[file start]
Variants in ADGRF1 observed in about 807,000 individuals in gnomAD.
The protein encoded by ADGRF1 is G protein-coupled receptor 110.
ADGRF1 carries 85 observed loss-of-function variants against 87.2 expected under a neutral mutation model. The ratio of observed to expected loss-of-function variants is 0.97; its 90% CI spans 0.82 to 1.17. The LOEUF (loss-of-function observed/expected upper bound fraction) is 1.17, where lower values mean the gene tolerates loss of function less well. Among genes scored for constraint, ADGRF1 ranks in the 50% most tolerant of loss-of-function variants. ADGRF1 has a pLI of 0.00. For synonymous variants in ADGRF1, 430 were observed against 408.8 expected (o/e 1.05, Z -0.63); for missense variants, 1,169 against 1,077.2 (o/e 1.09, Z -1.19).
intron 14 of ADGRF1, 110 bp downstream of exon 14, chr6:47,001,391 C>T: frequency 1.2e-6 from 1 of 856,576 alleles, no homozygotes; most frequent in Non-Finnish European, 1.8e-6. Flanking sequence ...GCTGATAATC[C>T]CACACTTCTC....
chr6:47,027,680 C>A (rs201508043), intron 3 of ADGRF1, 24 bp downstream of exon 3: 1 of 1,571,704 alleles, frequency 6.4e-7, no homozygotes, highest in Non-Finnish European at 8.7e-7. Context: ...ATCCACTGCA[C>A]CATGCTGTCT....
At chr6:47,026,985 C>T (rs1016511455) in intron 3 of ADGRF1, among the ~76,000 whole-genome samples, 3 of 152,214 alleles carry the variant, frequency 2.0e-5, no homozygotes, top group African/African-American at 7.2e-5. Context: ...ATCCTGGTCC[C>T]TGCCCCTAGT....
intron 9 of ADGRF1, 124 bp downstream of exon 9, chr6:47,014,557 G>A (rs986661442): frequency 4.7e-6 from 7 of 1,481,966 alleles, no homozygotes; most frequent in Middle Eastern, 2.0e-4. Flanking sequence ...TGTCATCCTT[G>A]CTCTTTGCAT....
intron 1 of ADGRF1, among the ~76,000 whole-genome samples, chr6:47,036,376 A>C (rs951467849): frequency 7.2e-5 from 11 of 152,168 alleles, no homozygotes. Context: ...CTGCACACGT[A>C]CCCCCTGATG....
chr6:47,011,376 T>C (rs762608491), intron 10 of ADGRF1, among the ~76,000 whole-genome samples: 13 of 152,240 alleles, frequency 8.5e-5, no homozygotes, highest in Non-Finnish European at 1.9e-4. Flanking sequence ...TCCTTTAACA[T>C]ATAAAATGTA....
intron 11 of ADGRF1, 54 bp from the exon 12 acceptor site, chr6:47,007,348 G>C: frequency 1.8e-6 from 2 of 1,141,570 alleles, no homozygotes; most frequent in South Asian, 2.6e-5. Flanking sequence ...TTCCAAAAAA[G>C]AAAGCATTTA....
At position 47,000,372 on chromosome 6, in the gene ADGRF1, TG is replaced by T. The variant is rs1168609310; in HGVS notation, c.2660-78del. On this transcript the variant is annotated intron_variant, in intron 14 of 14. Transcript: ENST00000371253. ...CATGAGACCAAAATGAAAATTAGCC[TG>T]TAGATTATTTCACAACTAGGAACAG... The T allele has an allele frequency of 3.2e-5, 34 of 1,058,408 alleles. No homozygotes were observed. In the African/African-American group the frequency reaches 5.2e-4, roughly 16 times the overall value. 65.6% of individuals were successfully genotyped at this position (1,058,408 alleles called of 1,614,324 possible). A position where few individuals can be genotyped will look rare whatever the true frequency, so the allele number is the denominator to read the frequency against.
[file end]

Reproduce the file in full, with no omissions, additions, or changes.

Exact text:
Variants in ADGRF1 observed in about 807,000 individuals in gnomAD.
The protein encoded by ADGRF1 is G protein-coupled receptor 110.
ADGRF1 carries 85 observed loss-of-function variants against 87.2 expected under a neutral mutation model. The ratio of observed to expected loss-of-function variants is 0.97; its 90% CI spans 0.82 to 1.17. The LOEUF (loss-of-function observed/expected upper bound fraction) is 1.17, where lower values mean the gene tolerates loss of function less well. Among genes scored for constraint, ADGRF1 ranks in the 50% most tolerant of loss-of-function variants. ADGRF1 has a pLI of 0.00. For synonymous variants in ADGRF1, 430 were observed against 408.8 expected (o/e 1.05, Z -0.63); for missense variants, 1,169 against 1,077.2 (o/e 1.09, Z -1.19).
intron 14 of ADGRF1, 110 bp downstream of exon 14, chr6:47,001,391 C>T: frequency 1.2e-6 from 1 of 856,576 alleles, no homozygotes; most frequent in Non-Finnish European, 1.8e-6. Flanking sequence ...GCTGATAATC[C>T]CACACTTCTC....
chr6:47,027,680 C>A (rs201508043), intron 3 of ADGRF1, 24 bp downstream of exon 3: 1 of 1,571,704 alleles, frequency 6.4e-7, no homozygotes, highest in Non-Finnish European at 8.7e-7. Context: ...ATCCACTGCA[C>A]CATGCTGTCT....
At chr6:47,026,985 C>T (rs1016511455) in intron 3 of ADGRF1, among the ~76,000 whole-genome samples, 3 of 152,214 alleles carry the variant, frequency 2.0e-5, no homozygotes, top group African/African-American at 7.2e-5. Context: ...ATCCTGGTCC[C>T]TGCCCCTAGT....
intron 9 of ADGRF1, 124 bp downstream of exon 9, chr6:47,014,557 G>A (rs986661442): frequency 4.7e-6 from 7 of 1,481,966 alleles, no homozygotes; most frequent in Middle Eastern, 2.0e-4. Flanking sequence ...TGTCATCCTT[G>A]CTCTTTGCAT....
intron 1 of ADGRF1, among the ~76,000 whole-genome samples, chr6:47,036,376 A>C (rs951467849): frequency 7.2e-5 from 11 of 152,168 alleles, no homozygotes. Context: ...CTGCACACGT[A>C]CCCCCTGATG....
chr6:47,011,376 T>C (rs762608491), intron 10 of ADGRF1, among the ~76,000 whole-genome samples: 13 of 152,240 alleles, frequency 8.5e-5, no homozygotes, highest in Non-Finnish European at 1.9e-4. Flanking sequence ...TCCTTTAACA[T>C]ATAAAATGTA....
intron 11 of ADGRF1, 54 bp from the exon 12 acceptor site, chr6:47,007,348 G>C: frequency 1.8e-6 from 2 of 1,141,570 alleles, no homozygotes; most frequent in South Asian, 2.6e-5. Flanking sequence ...TTCCAAAAAA[G>C]AAAGCATTTA....
At position 47,000,372 on chromosome 6, in the gene ADGRF1, TG is replaced by T. The variant is rs1168609310; in HGVS notation, c.2660-78del. On this transcript the variant is annotated intron_variant, in intron 14 of 14. Transcript: ENST00000371253. ...CATGAGACCAAAATGAAAATTAGCC[TG>T]TAGATTATTTCACAACTAGGAACAG... The T allele has an allele frequency of 3.2e-5, 34 of 1,058,408 alleles. No homozygotes were observed. In the African/African-American group the frequency reaches 5.2e-4, roughly 16 times the overall value. 65.6% of individuals were successfully genotyped at this position (1,058,408 alleles called of 1,614,324 possible). A position where few individuals can be genotyped will look rare whatever the true frequency, so the allele number is the denominator to read the frequency against.